Nearly three decades have passed since Faulk and Taylor first introduced colloidal gold as a label for immunoelectron microscopy (immuno EM) in 1971.23,55, 78 Since then, immunogold-staining (IGS) has gained widespread application by virtue of its various advantages over other, nonparticulate immunostaining techniques. As accumulations of colloidal gold in a concentration high enough to be seen as red color in the light microscope (LM) require the presence of very large amounts of antigen,28 introduction of silver enhancement (autometallography; AMG) by Danscher in 1981 became the prerequisite for obtaining a higher sensitivity in immunogold applications.13,14,16 Combination of this reaction with colloidal gold-

labeled enzyme histochemistry and immunohistochemistry (IHC) were introduced simultaneously in 1983 by Danscher et al.15 and Holgate et al.,53,54 respectively, and were considered real breakthroughs in immunogold technology. The new IHC technique evolving from this was named immunogold-silver staining (IGSS) and had a dramatically improved sensitivity and detection efficiency compared to the immunostaining techniques available at that time.37,88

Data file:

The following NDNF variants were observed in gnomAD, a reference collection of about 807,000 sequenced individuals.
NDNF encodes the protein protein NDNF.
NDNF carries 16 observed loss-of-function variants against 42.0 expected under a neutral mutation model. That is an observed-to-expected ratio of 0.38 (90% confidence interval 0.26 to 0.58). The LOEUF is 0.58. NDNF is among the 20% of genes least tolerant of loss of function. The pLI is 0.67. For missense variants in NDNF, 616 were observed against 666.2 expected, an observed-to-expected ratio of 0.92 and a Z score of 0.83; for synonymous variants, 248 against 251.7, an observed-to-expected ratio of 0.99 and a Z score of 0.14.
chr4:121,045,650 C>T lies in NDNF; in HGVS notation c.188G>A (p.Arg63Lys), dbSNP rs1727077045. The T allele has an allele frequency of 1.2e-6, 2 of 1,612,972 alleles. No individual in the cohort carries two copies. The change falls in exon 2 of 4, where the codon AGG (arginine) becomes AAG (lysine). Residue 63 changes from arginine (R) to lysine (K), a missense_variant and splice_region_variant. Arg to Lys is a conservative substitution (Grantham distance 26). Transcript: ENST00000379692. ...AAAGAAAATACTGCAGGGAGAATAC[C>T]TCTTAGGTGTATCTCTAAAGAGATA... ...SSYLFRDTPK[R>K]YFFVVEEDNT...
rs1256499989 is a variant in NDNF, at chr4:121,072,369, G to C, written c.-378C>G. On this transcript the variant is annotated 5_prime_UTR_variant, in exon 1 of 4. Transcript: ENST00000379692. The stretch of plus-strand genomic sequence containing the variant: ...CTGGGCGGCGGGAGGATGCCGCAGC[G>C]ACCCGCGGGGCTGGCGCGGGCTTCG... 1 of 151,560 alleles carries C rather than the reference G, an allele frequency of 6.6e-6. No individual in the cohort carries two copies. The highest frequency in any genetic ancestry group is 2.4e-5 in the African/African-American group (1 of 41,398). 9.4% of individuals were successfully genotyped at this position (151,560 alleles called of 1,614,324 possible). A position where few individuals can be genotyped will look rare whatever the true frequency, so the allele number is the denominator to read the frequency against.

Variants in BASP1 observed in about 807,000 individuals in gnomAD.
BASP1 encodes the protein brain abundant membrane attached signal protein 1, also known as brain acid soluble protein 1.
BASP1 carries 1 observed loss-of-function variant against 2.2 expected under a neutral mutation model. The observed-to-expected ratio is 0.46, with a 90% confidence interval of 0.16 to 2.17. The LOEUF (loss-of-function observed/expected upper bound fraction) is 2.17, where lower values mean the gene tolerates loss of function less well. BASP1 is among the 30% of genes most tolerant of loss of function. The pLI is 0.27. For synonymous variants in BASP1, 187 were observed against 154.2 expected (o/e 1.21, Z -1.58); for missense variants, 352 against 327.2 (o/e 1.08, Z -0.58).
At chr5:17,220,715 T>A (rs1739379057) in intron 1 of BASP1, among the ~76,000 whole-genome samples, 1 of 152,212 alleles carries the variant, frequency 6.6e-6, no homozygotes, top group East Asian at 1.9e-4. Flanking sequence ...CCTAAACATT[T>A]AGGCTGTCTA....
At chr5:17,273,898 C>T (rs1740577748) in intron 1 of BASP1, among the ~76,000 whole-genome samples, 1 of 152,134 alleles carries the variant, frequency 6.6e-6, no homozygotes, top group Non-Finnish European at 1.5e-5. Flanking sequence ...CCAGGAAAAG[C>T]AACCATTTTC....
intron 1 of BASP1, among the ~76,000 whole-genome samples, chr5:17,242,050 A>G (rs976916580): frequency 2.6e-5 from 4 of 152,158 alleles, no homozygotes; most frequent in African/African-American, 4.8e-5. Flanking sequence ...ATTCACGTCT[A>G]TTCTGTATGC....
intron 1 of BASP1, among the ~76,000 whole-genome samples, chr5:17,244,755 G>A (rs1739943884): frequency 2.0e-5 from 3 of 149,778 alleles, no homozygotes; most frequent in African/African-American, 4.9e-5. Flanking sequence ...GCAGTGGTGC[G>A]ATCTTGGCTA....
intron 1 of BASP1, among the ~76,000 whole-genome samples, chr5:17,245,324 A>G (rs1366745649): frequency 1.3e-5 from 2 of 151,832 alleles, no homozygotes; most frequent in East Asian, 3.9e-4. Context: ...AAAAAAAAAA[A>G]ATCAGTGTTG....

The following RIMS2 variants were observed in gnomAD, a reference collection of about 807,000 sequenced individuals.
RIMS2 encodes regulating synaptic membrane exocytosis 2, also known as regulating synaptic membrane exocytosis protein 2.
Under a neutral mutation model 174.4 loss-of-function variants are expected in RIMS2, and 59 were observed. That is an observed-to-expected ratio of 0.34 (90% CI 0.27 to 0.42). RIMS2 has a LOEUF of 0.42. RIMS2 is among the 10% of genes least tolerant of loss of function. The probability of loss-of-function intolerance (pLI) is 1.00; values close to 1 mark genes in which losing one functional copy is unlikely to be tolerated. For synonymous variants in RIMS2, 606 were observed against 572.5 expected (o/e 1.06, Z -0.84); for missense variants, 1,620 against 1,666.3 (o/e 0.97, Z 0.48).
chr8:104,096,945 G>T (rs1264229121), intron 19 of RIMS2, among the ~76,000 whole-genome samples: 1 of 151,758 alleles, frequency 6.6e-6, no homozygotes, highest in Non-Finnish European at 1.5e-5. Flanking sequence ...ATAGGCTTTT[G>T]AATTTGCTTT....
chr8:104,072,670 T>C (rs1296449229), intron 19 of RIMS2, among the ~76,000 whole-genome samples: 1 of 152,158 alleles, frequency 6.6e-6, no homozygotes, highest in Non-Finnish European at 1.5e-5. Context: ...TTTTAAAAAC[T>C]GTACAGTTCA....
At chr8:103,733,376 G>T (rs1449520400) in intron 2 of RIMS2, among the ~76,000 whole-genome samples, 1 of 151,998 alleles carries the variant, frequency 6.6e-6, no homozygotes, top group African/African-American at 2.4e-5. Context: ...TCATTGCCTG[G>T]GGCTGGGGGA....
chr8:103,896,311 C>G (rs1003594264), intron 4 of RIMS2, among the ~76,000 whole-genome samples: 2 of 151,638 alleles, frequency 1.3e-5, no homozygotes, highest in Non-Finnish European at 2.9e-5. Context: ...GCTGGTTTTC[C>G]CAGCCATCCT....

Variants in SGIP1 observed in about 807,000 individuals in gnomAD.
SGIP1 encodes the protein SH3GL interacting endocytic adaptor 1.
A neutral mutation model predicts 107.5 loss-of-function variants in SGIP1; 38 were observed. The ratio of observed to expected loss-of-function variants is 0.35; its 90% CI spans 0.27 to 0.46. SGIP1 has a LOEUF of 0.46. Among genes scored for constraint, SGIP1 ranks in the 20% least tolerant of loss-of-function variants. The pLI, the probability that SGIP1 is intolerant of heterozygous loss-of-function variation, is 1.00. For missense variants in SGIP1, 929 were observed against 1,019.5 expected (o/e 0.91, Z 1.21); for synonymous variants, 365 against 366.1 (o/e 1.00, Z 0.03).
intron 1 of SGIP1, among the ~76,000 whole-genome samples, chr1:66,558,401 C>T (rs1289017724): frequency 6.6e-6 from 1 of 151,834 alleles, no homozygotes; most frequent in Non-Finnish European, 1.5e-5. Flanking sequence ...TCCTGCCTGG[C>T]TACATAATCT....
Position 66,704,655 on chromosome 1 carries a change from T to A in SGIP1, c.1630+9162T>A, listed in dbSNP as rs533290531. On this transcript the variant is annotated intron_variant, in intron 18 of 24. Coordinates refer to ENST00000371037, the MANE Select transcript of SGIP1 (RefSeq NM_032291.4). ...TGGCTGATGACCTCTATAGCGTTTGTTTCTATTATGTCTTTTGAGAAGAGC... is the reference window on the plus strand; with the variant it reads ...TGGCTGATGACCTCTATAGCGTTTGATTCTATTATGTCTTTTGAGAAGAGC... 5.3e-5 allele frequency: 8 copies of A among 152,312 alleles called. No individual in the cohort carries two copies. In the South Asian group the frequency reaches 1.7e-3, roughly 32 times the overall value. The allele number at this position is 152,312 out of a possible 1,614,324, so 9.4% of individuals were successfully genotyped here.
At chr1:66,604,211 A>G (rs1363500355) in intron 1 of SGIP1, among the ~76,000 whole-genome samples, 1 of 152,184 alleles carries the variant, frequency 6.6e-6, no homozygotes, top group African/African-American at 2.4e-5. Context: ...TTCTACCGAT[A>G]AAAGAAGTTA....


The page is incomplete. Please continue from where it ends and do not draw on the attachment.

As described in Chapters 2 and 3, the high sensitivity of IGSS is largely based on the high intensification potential of AMG (earlier misleadingly called “physical development”), applied to amplify the size of the gold particle(s) used as label of antibodies or streptavidin. Under the LM, conglomerations of gold particles embedded in silver appear as black precipitates with a

distinctly sharper appearance than the reaction products of most enzyme-labeled preparations. Silver lactate was originally used as the ion source in AMG,13,14 and size amplification of gold label is achieved by the formation of shells of metallic silver around each gold particle by the AMG process.18,44,46,61 The process is catalyzed by hydroquinone in a citrate buffer of low pH. Thereby, two surplus electrons present on each molecule of hydroquinone function as electron donors for the transformation of silver ions into metallic silver atoms. By precipitation of these metallic silver atoms onto (similarly sized) gold atoms on the surface of the gold particles, the latter ones are enlarged in size. If gold particles are sufficiently near to each other, which is the case when good immunolabeling is obtained, conglomeration of gold and silver takes place. Under the LM, gold-silver accumulations are clearly visu-

alized as grayish-black dots or areas and stand out well against the nonreacting background (Figures 4.1 through 4.5).